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I want to make an analog subway countdown clock. The idea is to have an ordinary clock with three hands. These hands will point to the number of minutes before the next, second next, and third next train arrives at my local subway station (one of the L stations in Brooklyn, NYC).

I was thinking to implement this using a Raspberry Pi. The software part is easy; however I have no idea how to get started on the hardware part. Is it possible to get a motor which can control three clock hands completely separately but on the same shaft? Or is there another mechanism that could address this problem?

I did some research, and you can buy hardware to control an hours-minute-second clock, but the problem is that you can't decouple the hands and get separate control on each of them.

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    \$\begingroup\$ Pull a centre-seconds movement (most quartz ones) apart, remove the train and the minute wheel. You now have 3 independent concentric hands. Drive the outer one via the hour wheel, the middle one by the cannon pinion, and the inner (second) hand directly. I'd use the hour wheel and cannon pinion from a second movement to give each a 1:1 drive (via idlers if necessary to reach the motors) \$\endgroup\$ – user_1818839 Apr 22 '16 at 23:31
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    \$\begingroup\$ You will need custom gears and motors. A 3D printer or service may be necessary. \$\endgroup\$ – Passerby Apr 23 '16 at 0:04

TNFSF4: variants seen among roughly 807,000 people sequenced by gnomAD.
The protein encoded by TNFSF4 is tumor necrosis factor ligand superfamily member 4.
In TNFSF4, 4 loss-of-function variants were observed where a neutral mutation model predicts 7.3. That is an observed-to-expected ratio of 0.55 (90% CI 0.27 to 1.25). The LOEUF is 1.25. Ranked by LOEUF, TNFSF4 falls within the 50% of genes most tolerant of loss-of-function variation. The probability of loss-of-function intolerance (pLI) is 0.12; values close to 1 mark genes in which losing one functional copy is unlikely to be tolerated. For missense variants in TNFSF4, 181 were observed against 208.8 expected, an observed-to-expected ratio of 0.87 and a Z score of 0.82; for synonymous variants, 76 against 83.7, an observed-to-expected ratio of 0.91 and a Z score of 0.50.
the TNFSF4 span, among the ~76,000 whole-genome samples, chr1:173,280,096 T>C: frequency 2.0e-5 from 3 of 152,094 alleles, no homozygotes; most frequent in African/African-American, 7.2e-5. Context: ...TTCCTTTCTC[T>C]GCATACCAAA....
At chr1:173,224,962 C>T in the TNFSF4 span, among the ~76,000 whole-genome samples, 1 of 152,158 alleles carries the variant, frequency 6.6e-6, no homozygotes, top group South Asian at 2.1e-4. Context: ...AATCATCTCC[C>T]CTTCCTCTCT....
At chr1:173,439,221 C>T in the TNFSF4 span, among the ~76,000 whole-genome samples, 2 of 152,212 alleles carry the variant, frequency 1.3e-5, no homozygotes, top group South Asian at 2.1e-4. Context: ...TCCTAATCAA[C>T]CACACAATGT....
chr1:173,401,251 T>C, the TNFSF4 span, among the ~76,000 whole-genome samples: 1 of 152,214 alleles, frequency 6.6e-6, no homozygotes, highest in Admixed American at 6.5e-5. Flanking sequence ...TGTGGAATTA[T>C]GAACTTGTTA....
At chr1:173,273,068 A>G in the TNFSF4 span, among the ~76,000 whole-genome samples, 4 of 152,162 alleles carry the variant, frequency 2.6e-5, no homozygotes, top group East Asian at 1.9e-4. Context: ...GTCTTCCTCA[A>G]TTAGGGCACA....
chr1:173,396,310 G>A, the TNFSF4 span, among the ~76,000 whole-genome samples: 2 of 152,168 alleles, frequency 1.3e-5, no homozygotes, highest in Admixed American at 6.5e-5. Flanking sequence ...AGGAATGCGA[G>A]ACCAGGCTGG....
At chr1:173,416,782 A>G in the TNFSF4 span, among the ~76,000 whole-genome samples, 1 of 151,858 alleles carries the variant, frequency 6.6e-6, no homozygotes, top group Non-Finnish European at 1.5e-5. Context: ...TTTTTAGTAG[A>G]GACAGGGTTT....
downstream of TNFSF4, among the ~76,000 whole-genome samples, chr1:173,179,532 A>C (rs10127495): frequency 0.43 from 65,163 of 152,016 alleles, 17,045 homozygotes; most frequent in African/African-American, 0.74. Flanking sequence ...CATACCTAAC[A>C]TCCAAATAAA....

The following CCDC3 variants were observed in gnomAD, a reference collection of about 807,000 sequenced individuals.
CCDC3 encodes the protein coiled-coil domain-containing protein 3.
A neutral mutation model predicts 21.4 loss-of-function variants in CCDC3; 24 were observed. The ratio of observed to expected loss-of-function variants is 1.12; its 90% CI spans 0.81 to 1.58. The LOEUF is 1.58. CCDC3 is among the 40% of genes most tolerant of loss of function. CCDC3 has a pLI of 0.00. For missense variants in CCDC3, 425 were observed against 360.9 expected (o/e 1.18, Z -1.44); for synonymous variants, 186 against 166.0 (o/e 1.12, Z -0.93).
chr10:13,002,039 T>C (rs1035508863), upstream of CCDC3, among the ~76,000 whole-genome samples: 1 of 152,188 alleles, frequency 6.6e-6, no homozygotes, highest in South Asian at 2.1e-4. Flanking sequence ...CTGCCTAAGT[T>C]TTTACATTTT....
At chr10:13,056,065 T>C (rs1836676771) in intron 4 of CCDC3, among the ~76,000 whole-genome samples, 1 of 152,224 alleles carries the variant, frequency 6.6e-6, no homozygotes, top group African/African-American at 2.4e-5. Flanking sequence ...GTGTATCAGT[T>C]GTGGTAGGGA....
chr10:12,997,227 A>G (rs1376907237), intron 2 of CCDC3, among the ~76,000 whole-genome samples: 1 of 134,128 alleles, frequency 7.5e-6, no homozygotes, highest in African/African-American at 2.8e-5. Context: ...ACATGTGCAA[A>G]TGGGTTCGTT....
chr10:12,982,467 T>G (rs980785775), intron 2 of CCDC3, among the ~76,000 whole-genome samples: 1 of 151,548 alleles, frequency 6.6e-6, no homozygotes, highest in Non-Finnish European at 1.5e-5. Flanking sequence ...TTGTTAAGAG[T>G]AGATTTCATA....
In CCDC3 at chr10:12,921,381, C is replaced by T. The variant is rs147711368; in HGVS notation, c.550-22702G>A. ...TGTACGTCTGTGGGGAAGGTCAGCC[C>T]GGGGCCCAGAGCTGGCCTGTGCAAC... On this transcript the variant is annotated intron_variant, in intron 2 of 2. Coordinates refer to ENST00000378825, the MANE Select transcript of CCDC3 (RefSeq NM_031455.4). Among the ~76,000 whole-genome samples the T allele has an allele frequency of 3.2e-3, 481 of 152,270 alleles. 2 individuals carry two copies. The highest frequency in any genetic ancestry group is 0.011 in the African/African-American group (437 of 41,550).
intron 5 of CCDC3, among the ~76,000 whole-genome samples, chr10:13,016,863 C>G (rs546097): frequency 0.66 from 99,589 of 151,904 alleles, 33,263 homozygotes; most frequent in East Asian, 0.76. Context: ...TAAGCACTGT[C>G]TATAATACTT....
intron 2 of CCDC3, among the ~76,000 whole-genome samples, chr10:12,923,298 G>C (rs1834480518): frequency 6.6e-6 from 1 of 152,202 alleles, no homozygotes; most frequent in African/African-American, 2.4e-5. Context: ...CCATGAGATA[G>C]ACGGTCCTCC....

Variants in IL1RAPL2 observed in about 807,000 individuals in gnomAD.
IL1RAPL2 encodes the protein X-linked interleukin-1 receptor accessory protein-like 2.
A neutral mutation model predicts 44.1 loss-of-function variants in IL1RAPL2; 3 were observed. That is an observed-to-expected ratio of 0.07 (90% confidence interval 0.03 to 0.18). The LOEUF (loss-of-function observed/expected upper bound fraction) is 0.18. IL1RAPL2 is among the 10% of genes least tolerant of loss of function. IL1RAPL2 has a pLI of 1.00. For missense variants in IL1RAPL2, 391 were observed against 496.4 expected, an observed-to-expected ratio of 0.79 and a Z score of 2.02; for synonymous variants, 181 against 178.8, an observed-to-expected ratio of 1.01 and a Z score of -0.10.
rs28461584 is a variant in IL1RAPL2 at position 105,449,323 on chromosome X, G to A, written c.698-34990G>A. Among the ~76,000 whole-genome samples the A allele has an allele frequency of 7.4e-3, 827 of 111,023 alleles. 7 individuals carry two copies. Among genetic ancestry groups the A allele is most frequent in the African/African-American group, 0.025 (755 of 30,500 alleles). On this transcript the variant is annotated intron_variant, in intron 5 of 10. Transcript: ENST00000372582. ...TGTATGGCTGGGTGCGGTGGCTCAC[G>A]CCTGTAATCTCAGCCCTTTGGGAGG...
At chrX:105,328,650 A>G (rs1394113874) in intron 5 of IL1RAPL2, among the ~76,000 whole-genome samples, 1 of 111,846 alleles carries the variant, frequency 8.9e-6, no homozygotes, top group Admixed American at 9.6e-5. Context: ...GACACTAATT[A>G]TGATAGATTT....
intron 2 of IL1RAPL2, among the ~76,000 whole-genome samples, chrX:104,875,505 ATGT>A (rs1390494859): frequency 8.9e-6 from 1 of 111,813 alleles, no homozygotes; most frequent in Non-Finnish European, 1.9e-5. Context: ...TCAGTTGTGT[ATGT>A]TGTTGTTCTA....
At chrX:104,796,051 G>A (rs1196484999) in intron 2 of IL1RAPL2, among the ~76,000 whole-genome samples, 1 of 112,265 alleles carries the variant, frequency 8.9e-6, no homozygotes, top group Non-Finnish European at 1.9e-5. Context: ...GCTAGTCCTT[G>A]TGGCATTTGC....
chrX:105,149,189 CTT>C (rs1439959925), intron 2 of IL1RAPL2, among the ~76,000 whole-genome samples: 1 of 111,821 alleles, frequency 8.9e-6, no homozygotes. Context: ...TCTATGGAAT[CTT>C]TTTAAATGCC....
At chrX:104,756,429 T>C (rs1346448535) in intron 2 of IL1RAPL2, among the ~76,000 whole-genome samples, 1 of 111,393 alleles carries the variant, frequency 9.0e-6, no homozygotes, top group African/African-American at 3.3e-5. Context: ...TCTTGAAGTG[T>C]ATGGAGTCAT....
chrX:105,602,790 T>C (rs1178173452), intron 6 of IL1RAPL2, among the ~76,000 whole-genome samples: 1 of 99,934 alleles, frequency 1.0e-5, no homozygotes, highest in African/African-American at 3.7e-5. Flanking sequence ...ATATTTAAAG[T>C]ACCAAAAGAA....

• \$\begingroup\$ Did you ever get this working? I'm interested in doing something similar and I'm wondering which suggestion you followed. \$\endgroup\$ – isedwards Aug 2 '17 at 14:53
  • \$\begingroup\$ @isedwards I never did... \$\endgroup\$ – James Fennell Aug 4 '17 at 3:51
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You can use 3 successive hollow shaft stepper motors like this one: http://www.ebay.com/itm/CNC-Hollow-Shaft-28-2-phase-28HB3302K-Dual-Shaft-1-8degree-33mm-Stepper-Motor-/271809907038?hash=item3f4922095e:g:hwoAAOSwJkJWjO1P

Then use successively smaller shafts through the center of the one in front like this: enter image description here

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    \$\begingroup\$ Keep in mind that stepper motors are incremental devices which will need something to establish an initial position. For example, an optical sensor at "0" and you independently rotate each through that while keeping track. Or more crudely, weak motors and a mechanical stop at 0 which you stall each of them against. You'll have to do this after every power loss, or any time you think your software's idea of where the hands are could have gotten out of sync with their actual position. \$\endgroup\$ – Chris Stratton Apr 23 '16 at 0:43

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